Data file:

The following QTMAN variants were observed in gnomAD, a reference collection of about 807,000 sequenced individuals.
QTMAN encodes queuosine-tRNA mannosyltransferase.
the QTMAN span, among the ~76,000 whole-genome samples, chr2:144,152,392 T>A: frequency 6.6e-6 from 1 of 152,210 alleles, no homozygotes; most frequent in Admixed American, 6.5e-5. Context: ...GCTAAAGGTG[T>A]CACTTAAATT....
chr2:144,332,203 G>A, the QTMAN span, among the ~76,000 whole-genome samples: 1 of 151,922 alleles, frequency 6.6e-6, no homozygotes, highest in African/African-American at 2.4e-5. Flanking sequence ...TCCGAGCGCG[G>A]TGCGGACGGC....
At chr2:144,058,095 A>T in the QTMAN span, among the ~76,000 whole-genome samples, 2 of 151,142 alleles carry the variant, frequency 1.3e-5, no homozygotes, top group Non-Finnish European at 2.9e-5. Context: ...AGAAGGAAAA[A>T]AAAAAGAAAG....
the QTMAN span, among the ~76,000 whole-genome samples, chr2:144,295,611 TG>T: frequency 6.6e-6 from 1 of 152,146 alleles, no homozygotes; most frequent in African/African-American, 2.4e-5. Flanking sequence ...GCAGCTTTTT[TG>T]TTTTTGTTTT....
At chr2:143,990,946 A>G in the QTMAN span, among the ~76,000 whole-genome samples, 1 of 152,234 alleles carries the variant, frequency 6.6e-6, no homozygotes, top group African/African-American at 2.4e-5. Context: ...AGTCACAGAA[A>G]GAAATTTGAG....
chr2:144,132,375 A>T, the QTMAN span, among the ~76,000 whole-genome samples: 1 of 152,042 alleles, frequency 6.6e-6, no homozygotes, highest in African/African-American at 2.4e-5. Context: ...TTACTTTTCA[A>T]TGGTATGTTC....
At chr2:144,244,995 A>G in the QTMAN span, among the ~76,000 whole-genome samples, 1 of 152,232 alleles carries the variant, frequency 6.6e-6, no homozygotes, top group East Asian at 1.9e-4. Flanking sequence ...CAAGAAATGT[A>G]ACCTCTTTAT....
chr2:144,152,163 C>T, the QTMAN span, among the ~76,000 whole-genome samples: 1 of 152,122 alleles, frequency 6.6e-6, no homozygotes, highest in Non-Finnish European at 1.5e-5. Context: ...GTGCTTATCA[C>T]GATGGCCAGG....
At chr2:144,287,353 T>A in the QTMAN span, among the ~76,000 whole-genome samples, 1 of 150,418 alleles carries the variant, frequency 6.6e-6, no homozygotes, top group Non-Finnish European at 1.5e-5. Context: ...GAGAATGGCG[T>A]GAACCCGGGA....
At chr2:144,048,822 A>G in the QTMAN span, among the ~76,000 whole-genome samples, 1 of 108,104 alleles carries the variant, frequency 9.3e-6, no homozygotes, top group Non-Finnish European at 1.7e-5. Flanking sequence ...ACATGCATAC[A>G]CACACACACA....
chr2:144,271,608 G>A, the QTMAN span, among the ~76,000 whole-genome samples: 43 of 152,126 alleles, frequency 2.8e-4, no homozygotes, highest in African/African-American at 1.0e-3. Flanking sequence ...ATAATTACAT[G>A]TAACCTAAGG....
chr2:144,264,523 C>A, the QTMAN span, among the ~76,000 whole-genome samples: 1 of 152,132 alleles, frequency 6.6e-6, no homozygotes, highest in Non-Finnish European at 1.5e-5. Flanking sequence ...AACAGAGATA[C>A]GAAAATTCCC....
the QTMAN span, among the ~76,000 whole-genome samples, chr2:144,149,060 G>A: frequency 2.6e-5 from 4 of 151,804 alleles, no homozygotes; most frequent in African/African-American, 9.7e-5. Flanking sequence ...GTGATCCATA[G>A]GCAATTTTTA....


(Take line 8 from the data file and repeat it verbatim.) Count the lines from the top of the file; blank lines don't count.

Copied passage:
chr2:144,132,375 A>T, the QTMAN span, among the ~76,000 whole-genome samples: 1 of 152,042 alleles, frequency 6.6e-6, no homozygotes, highest in African/African-American at 2.4e-5. Context: ...TTACTTTTCA[A>T]TGGTATGTTC....